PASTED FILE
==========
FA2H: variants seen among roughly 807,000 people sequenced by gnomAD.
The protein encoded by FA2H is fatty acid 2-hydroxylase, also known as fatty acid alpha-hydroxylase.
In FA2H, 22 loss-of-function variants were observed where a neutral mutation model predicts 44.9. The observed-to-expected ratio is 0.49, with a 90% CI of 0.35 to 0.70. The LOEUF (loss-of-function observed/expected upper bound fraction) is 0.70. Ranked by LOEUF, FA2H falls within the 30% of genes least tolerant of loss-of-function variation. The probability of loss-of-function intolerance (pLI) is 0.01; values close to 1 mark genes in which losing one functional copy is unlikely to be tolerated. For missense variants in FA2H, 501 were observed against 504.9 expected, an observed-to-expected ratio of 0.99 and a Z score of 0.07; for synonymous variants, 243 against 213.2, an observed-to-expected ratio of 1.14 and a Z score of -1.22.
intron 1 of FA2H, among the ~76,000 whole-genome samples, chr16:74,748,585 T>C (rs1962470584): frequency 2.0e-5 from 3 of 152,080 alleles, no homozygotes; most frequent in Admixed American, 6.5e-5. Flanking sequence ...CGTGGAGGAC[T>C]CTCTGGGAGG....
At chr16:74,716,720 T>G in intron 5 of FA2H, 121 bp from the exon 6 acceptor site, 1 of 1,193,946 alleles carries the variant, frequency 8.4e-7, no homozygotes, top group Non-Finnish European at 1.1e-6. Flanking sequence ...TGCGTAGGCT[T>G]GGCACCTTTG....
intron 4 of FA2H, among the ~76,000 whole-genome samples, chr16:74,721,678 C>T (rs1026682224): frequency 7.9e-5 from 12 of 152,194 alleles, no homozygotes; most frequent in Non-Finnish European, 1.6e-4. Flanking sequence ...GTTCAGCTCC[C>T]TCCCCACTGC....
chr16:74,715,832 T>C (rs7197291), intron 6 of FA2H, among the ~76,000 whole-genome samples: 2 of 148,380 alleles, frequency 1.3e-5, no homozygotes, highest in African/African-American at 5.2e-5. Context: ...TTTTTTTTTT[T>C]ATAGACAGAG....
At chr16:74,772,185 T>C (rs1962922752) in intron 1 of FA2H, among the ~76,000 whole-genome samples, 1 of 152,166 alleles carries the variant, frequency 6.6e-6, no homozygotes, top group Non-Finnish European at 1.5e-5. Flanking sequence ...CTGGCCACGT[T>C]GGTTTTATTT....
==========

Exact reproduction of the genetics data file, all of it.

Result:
FA2H: variants seen among roughly 807,000 people sequenced by gnomAD.
The protein encoded by FA2H is fatty acid 2-hydroxylase, also known as fatty acid alpha-hydroxylase.
In FA2H, 22 loss-of-function variants were observed where a neutral mutation model predicts 44.9. The observed-to-expected ratio is 0.49, with a 90% CI of 0.35 to 0.70. The LOEUF (loss-of-function observed/expected upper bound fraction) is 0.70. Ranked by LOEUF, FA2H falls within the 30% of genes least tolerant of loss-of-function variation. The probability of loss-of-function intolerance (pLI) is 0.01; values close to 1 mark genes in which losing one functional copy is unlikely to be tolerated. For missense variants in FA2H, 501 were observed against 504.9 expected, an observed-to-expected ratio of 0.99 and a Z score of 0.07; for synonymous variants, 243 against 213.2, an observed-to-expected ratio of 1.14 and a Z score of -1.22.
intron 1 of FA2H, among the ~76,000 whole-genome samples, chr16:74,748,585 T>C (rs1962470584): frequency 2.0e-5 from 3 of 152,080 alleles, no homozygotes; most frequent in Admixed American, 6.5e-5. Flanking sequence ...CGTGGAGGAC[T>C]CTCTGGGAGG....
At chr16:74,716,720 T>G in intron 5 of FA2H, 121 bp from the exon 6 acceptor site, 1 of 1,193,946 alleles carries the variant, frequency 8.4e-7, no homozygotes, top group Non-Finnish European at 1.1e-6. Flanking sequence ...TGCGTAGGCT[T>G]GGCACCTTTG....
intron 4 of FA2H, among the ~76,000 whole-genome samples, chr16:74,721,678 C>T (rs1026682224): frequency 7.9e-5 from 12 of 152,194 alleles, no homozygotes; most frequent in Non-Finnish European, 1.6e-4. Flanking sequence ...GTTCAGCTCC[C>T]TCCCCACTGC....
chr16:74,715,832 T>C (rs7197291), intron 6 of FA2H, among the ~76,000 whole-genome samples: 2 of 148,380 alleles, frequency 1.3e-5, no homozygotes, highest in African/African-American at 5.2e-5. Context: ...TTTTTTTTTT[T>C]ATAGACAGAG....
At chr16:74,772,185 T>C (rs1962922752) in intron 1 of FA2H, among the ~76,000 whole-genome samples, 1 of 152,166 alleles carries the variant, frequency 6.6e-6, no homozygotes, top group Non-Finnish European at 1.5e-5. Flanking sequence ...CTGGCCACGT[T>C]GGTTTTATTT....